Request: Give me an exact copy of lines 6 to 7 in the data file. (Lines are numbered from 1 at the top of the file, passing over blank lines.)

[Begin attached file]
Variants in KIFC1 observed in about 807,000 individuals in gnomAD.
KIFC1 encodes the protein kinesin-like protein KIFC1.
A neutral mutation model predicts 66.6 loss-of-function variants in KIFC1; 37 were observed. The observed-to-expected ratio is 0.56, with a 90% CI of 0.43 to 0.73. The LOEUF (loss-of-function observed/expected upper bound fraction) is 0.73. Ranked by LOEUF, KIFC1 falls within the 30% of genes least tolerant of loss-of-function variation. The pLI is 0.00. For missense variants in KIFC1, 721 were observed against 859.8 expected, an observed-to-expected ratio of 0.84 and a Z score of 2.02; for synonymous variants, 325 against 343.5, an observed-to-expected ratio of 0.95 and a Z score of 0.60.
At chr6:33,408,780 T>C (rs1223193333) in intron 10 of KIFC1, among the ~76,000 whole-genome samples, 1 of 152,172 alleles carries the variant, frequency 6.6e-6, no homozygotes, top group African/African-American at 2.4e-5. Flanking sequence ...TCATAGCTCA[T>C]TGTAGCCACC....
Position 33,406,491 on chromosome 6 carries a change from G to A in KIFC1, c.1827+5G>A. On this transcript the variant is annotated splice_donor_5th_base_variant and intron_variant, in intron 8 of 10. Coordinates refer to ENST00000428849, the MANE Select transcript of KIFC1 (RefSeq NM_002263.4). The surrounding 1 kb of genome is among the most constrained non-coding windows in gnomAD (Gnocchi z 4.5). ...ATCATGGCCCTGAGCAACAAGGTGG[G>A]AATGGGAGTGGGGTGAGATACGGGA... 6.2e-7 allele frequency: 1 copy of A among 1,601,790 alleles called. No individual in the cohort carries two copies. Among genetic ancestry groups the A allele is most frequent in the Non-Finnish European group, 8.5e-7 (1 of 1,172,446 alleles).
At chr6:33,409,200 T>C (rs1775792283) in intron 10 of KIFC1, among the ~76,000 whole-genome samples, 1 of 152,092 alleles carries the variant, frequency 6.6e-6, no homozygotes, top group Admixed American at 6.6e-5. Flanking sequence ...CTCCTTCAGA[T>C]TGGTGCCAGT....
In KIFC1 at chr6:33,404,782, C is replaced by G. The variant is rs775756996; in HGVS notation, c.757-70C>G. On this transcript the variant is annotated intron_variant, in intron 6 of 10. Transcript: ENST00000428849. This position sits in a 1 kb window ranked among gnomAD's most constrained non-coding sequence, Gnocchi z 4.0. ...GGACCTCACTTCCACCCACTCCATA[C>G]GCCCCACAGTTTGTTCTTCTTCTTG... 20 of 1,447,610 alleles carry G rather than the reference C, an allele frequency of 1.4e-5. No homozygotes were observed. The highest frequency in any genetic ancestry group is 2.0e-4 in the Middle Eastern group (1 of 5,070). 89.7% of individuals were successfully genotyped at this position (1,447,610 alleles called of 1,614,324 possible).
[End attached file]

At chr6:33,409,200 T>C (rs1775792283) in intron 10 of KIFC1, among the ~76,000 whole-genome samples, 1 of 152,092 alleles carries the variant, frequency 6.6e-6, no homozygotes, top group Admixed American at 6.6e-5. Flanking sequence ...CTCCTTCAGA[T>C]TGGTGCCAGT....
In KIFC1 at chr6:33,404,782, C is replaced by G. The variant is rs775756996; in HGVS notation, c.757-70C>G. On this transcript the variant is annotated intron_variant, in intron 6 of 10. Transcript: ENST00000428849. This position sits in a 1 kb window ranked among gnomAD's most constrained non-coding sequence, Gnocchi z 4.0. ...GGACCTCACTTCCACCCACTCCATA[C>G]GCCCCACAGTTTGTTCTTCTTCTTG... 20 of 1,447,610 alleles carry G rather than the reference C, an allele frequency of 1.4e-5. No homozygotes were observed. The highest frequency in any genetic ancestry group is 2.0e-4 in the Middle Eastern group (1 of 5,070). 89.7% of individuals were successfully genotyped at this position (1,447,610 alleles called of 1,614,324 possible).